Leishman shoots 62 for BMW lead
The race to the FedEx Cup finale got off to a blistering start Thursday at the BMB Championship in metropolitan Chicago, with Mark Leishman firing a 9-under 62 to build a two-shot lead over Jason Day, Charley Hoffman and Jamie Lovemark.
Jordan Spieth, a runner-up in the last two FedEx Cup playoff events to take over the No. 1 spot in the standings, turned a wild tee shot into a birdie on the opening hole, added a 30-foot birdie from off the green at No. 5 and settled down the rest of the way for a bogey-free 65.
“I felt like I really stole a few shots out of this golf course, which is rare to feel like you scored better than you played,” Spieth said.
Also at 65 was Rickie Flower, who birdied the first hole, bogeyed the second and then had nine consecutive pars and six consecutive birdies.
BOISE STATE SLIPS PAST NEW MEXICO » Jake Roh caught two touchdown passes and took a direct snap for a 6-yard TD run for Boise State, which pulled away in the fourth quarter to beat New Mexico, 28-14, in the Mountain West Conference opener for both teams.
Montrell Cozart was 15 of 19 for 137 yards passing and added 71 yards rushing, including a 28-yard TD run in the first quarter, for the Broncos (2-1), who were playing five days after losing a triple- overtime heartbreaker at Washington State.
New Mexico ( 1-2) was forced to use third string quarterback Coltin Gerhart after starter Lamar Jordan was knocked out late in the first half with a concussion.
U. S. DROPS TO 28TH IN FIFA RANKINGS » The United States has dropped two places in the FIFA rankings to No. 28 as it struggles to qualify for the World Cup.
In qualifiers this month, the Americans lost 2- 0 at home against Costa Rica and tied 1-1 at Honduras.
The United States is fourth in the CONCACAF qualification standings heading into the final two matches. If the Americans can’t take one of the region’s three automatic qualification places for Russia next year, they will have to face an Asian confederation team in November.
Germany is at the top of the rankings, with Brazil second. European champion Portugal is up three places to No. 3, while Argentina fell one to No. 4 and Belgium climbed four places to No. 5. HUERTA CAN JOIN U.S. WOM
EN’S TEAM » Sofia Huerta, a 24-year- old forward who had two goals in four ap- pearances for Mexico’s national team, has been given approval by FIFA to switch her affiliation to the United States.
Huerta was born in Boise, Idaho, and played for Mexico at the 2012 Under-20 World Cup, which necessitated permission from FIFA to change nations.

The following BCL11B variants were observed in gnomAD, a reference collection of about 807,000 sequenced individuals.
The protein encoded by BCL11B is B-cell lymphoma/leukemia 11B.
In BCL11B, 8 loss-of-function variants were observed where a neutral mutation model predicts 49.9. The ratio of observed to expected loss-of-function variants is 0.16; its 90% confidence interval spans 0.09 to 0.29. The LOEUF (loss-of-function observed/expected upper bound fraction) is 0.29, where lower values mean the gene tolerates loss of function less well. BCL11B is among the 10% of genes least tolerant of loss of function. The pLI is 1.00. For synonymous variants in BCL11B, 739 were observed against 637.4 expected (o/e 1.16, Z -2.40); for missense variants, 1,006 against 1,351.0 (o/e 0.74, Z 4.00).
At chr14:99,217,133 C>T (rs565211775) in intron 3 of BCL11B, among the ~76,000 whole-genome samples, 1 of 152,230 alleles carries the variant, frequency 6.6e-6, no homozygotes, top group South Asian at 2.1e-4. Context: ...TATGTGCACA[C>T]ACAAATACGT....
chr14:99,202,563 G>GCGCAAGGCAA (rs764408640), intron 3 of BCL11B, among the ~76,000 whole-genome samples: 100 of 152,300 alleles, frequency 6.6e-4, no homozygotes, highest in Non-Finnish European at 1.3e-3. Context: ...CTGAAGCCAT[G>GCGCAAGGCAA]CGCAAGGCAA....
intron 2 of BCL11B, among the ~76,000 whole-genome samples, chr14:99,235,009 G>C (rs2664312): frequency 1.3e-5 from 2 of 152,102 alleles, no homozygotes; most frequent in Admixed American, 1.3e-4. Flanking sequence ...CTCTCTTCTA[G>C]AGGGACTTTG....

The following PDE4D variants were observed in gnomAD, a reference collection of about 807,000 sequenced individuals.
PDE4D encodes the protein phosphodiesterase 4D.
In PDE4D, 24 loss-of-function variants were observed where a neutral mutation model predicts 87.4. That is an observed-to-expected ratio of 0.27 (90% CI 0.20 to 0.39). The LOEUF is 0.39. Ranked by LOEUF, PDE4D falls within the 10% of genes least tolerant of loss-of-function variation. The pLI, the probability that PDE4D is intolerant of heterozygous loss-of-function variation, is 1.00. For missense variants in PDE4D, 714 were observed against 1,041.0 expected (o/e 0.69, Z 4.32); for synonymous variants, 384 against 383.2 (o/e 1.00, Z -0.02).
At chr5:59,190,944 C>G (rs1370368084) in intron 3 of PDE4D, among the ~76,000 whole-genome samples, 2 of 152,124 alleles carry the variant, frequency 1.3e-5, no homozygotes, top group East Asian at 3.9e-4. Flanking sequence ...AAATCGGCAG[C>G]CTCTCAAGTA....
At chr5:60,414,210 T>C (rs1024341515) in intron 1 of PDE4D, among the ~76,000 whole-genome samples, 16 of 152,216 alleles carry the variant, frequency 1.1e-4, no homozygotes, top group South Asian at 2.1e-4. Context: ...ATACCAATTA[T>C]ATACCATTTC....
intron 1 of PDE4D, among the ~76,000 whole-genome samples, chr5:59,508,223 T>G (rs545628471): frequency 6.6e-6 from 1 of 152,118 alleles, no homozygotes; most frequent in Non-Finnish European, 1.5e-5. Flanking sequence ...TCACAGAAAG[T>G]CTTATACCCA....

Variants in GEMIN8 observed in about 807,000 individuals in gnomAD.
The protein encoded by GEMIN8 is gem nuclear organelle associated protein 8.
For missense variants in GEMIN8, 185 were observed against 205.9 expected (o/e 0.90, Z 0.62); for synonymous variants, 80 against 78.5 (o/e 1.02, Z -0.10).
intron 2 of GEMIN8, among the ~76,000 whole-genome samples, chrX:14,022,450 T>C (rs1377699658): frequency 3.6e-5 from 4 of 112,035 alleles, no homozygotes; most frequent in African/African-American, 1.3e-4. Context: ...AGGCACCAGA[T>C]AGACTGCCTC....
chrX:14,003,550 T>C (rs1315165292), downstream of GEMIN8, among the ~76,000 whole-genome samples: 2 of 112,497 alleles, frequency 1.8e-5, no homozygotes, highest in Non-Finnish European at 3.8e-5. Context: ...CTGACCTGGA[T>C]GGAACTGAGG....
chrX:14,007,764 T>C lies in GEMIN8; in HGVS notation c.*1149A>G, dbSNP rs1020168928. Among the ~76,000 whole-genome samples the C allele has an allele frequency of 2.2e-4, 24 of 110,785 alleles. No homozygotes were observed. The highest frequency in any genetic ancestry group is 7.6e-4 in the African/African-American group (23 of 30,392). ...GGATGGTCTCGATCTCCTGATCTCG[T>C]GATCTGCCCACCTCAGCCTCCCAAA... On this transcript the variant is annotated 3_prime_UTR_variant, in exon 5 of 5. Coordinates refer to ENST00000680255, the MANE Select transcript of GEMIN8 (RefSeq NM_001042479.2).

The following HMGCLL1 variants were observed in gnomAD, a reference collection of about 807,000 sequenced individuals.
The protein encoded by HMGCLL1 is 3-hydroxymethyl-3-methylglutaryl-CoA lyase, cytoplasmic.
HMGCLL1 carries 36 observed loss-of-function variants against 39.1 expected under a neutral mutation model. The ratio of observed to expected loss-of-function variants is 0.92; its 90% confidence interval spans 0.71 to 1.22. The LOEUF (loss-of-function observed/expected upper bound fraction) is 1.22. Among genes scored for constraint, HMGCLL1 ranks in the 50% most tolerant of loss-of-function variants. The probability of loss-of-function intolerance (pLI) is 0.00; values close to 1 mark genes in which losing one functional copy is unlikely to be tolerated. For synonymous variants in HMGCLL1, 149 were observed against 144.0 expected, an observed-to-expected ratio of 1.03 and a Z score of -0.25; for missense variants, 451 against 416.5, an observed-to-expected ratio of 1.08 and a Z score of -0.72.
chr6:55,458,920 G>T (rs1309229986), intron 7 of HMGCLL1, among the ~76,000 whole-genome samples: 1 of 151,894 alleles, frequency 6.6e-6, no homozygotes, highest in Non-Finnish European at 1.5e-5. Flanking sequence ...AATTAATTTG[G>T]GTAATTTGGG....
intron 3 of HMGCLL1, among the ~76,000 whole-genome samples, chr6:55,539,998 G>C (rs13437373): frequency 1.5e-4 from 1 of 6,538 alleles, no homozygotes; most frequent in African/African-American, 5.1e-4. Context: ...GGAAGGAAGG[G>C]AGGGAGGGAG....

Huerta, who played at Santa Clara and has 18 goals in 60 games for Chicago of the National Women’s Soccer League, is training with the Americans for exhibitions against New Zealand today and Tuesday.
WILD, FOLIGNO COME TO TERMS » The Minnesota Wild have agreed to terms with restricted free-agent left wing Marcus Foligno on a four-year, $11.5 million contract.
Foligno was acquired June 30 in a four-player, two- draft pick trade with Buffalo. He had 13 goals and 57 blocked shots last season for the Sabres while ranking fifth in the NHL with 279 hits. JETS SIGN LITTLE TO EXTENSION » The Winnipeg Jets and forward Bryan Little have agreed to a six-year contract extension with an average annual value of $5.29 million.
Little had 21 goals and 26 assists in 59 games for the Jets last season. He has 184 goals and 248 assists in 672 career NHL games.
FOWLES EARNS WNBA MVP HONOR » Minnesota Lynx center Sylvia Fowles was voted the WNBA’s most valuable player.
Fowles averaged 18.9 points, 10.4 rebounds and 2.0 blocks to lead the Lynx to a 27-7 record and the top seed in the playoffs, where she scored 25 points Thursday night to lead Minnesota to a 93-83 victory and a 2- 0 series lead over the Washington Mystics.
New York’s Tina Charles finished second in the MBP voting. Los Angeles Sparks star Candace Parker was third.
ANTI- DOPING CRUSADER DIES AT 78 » Gary Wadler, 78, one of the strongest voices in the fight against performance-enhancing drugs in sports, has died of multiple system atrophy.
Wadler testified in front of Congress in the 1990s about the way doping was undercutting the Olympics and threatening the health of elite athletes and, potentially, those who tried to emulate them.
He chaired the World Anti-Doping Agency committee that considers which substances should be banned in sports, and was a leading critic of the way American sports leagues, especially the NFL and Major League Baseball, ran their anti-doping programs.